We will shortly introduce a Member’s Competency Certificate (a simple knowledge test which will be available online/hardcopy and/or via our clubs and examiners) as an alternative to the CAA system for those without an existing Achievement.  Members without an existing Achievement will either have to complete a Member’s Competency Certificate or the CAA’s own test before we can register them as an Operator.

Registration and/or evidence of competency will not be conditions of BMFA membership but failure to be able to produce evidence of both if challenged by the Police could result in a fixed penalty notice or prosecution. 

Compliance with the Registration/Competency requirements is largely a matter for individual members and as such we would not expect Clubs to automatically assume responsibility for policing it, though of course some may choose to do so (perhaps to assist those members wishing to comply who do not have access to the internet or in order to comply with local operating requirements such as FRZ permissions for example).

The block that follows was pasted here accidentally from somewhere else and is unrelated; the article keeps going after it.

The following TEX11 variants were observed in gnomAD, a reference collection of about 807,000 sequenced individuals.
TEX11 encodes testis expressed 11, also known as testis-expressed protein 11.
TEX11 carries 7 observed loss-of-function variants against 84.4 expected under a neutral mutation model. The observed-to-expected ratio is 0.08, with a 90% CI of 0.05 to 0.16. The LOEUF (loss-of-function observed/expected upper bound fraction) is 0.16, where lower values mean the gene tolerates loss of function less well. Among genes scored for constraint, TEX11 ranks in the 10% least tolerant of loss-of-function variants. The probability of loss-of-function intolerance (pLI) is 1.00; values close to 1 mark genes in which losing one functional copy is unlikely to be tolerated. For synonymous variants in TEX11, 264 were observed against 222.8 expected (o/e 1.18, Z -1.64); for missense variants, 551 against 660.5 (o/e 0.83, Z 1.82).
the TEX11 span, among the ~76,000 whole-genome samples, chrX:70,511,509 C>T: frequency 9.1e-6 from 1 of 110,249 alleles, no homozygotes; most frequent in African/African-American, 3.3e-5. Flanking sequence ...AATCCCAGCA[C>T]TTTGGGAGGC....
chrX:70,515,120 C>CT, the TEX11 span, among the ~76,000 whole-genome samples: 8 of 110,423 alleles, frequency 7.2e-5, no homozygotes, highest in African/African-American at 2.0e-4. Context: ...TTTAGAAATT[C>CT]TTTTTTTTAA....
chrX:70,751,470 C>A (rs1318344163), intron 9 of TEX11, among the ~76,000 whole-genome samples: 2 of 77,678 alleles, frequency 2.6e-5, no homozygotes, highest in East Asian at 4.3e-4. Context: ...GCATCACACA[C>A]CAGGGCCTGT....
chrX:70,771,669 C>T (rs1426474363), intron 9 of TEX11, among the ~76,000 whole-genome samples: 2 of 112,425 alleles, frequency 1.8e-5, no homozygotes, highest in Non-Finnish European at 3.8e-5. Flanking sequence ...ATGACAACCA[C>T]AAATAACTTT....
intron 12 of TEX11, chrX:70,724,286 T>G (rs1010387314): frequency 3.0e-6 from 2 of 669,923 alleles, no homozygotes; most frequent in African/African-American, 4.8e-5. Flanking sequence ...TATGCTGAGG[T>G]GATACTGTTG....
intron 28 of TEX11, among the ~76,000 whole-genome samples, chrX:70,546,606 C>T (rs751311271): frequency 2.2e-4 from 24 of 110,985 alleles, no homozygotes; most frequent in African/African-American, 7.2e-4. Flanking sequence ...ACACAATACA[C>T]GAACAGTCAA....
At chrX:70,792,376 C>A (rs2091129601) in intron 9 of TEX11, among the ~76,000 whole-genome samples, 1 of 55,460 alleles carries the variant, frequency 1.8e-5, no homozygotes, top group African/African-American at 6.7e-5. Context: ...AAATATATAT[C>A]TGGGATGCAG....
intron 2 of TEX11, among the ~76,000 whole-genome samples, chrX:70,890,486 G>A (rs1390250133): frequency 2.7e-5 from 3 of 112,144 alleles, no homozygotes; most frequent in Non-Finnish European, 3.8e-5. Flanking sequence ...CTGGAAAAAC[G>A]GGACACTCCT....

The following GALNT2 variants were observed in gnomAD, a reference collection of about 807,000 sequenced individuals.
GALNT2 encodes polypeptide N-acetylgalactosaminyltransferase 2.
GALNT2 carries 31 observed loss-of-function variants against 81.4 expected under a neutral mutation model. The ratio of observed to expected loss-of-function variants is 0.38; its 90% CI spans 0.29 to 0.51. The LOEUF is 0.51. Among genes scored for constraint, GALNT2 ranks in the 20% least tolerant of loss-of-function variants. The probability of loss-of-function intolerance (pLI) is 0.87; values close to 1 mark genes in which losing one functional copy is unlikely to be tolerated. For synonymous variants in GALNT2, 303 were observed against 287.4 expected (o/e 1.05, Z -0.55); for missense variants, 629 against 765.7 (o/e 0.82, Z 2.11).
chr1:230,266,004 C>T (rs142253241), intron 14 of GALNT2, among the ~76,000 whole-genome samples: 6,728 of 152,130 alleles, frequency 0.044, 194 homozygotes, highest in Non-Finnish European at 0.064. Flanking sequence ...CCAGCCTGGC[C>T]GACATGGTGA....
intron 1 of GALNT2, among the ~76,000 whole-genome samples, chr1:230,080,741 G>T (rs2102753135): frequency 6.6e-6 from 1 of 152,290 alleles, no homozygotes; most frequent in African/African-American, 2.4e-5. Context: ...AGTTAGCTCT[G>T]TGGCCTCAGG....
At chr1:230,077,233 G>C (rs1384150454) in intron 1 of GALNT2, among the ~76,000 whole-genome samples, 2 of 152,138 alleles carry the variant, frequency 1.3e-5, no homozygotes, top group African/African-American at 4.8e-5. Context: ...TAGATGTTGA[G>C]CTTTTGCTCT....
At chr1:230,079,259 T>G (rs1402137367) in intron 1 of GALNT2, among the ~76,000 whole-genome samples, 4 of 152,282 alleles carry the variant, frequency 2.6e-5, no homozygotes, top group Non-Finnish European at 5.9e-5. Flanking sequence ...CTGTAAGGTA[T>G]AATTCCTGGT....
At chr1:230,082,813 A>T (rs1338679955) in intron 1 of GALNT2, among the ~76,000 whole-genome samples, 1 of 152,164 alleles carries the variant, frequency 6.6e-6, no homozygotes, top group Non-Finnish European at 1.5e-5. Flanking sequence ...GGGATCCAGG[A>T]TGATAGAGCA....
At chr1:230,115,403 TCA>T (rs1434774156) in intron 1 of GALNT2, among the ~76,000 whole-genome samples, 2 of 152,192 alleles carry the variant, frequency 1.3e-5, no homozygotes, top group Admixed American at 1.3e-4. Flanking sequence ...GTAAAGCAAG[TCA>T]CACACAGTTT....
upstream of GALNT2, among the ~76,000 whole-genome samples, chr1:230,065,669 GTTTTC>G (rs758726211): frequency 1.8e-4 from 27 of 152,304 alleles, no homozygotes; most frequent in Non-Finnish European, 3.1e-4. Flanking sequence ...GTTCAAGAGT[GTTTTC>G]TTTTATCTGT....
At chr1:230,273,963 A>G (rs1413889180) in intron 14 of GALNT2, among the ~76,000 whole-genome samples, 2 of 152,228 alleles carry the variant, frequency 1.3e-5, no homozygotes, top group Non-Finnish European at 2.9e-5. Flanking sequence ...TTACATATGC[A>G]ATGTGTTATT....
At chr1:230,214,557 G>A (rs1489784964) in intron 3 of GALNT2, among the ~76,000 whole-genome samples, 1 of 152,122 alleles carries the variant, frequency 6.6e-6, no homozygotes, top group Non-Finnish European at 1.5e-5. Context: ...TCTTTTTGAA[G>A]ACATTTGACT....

We are still working with insurers to resolve any potential insurance implications and hope to be able to clarify the situation by the end of this week.

Members will continue to benefit from the existing permissions/exemptions already granted to the CAA recognised UK Associations (such as the permission to operate above 400ft with aircraft of less than 7Kg, operate control line aircraft within an FRZ and operate FPV aircraft with a competent observer).

We appreciate that there are still likely to be many questions arising from this, but there remains a lot of detail to resolve with the CAA (and our insurers) before we can issue definitive guidance.  However, please be assured that we will provide further information and guidance as soon as it becomes available.